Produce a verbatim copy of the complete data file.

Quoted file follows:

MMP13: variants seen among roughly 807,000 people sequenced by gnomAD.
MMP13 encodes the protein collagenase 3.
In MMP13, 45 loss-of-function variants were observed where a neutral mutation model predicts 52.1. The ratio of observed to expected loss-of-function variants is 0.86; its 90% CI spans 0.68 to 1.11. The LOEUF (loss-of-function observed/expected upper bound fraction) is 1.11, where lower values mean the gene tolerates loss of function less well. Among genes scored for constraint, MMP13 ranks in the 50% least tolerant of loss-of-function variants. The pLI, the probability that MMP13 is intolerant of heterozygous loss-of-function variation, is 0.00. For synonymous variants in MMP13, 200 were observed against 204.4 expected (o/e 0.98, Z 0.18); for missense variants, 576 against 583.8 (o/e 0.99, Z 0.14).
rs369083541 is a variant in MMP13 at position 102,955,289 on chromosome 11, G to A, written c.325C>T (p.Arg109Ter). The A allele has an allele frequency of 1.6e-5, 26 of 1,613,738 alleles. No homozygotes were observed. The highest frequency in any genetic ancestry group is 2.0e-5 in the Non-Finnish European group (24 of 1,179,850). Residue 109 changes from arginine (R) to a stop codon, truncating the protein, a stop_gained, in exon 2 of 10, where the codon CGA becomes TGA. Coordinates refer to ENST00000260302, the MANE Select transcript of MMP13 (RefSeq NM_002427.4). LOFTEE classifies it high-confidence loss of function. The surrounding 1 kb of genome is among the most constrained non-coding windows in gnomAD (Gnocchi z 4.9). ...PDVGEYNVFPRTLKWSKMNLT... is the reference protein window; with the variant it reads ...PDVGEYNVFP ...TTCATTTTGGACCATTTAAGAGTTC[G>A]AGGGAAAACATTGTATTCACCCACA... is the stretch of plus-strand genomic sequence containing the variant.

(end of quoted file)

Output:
MMP13: variants seen among roughly 807,000 people sequenced by gnomAD.
MMP13 encodes the protein collagenase 3.
In MMP13, 45 loss-of-function variants were observed where a neutral mutation model predicts 52.1. The ratio of observed to expected loss-of-function variants is 0.86; its 90% CI spans 0.68 to 1.11. The LOEUF (loss-of-function observed/expected upper bound fraction) is 1.11, where lower values mean the gene tolerates loss of function less well. Among genes scored for constraint, MMP13 ranks in the 50% least tolerant of loss-of-function variants. The pLI, the probability that MMP13 is intolerant of heterozygous loss-of-function variation, is 0.00. For synonymous variants in MMP13, 200 were observed against 204.4 expected (o/e 0.98, Z 0.18); for missense variants, 576 against 583.8 (o/e 0.99, Z 0.14).
rs369083541 is a variant in MMP13 at position 102,955,289 on chromosome 11, G to A, written c.325C>T (p.Arg109Ter). The A allele has an allele frequency of 1.6e-5, 26 of 1,613,738 alleles. No homozygotes were observed. The highest frequency in any genetic ancestry group is 2.0e-5 in the Non-Finnish European group (24 of 1,179,850). Residue 109 changes from arginine (R) to a stop codon, truncating the protein, a stop_gained, in exon 2 of 10, where the codon CGA becomes TGA. Coordinates refer to ENST00000260302, the MANE Select transcript of MMP13 (RefSeq NM_002427.4). LOFTEE classifies it high-confidence loss of function. The surrounding 1 kb of genome is among the most constrained non-coding windows in gnomAD (Gnocchi z 4.9). ...PDVGEYNVFPRTLKWSKMNLT... is the reference protein window; with the variant it reads ...PDVGEYNVFP ...TTCATTTTGGACCATTTAAGAGTTC[G>A]AGGGAAAACATTGTATTCACCCACA... is the stretch of plus-strand genomic sequence containing the variant.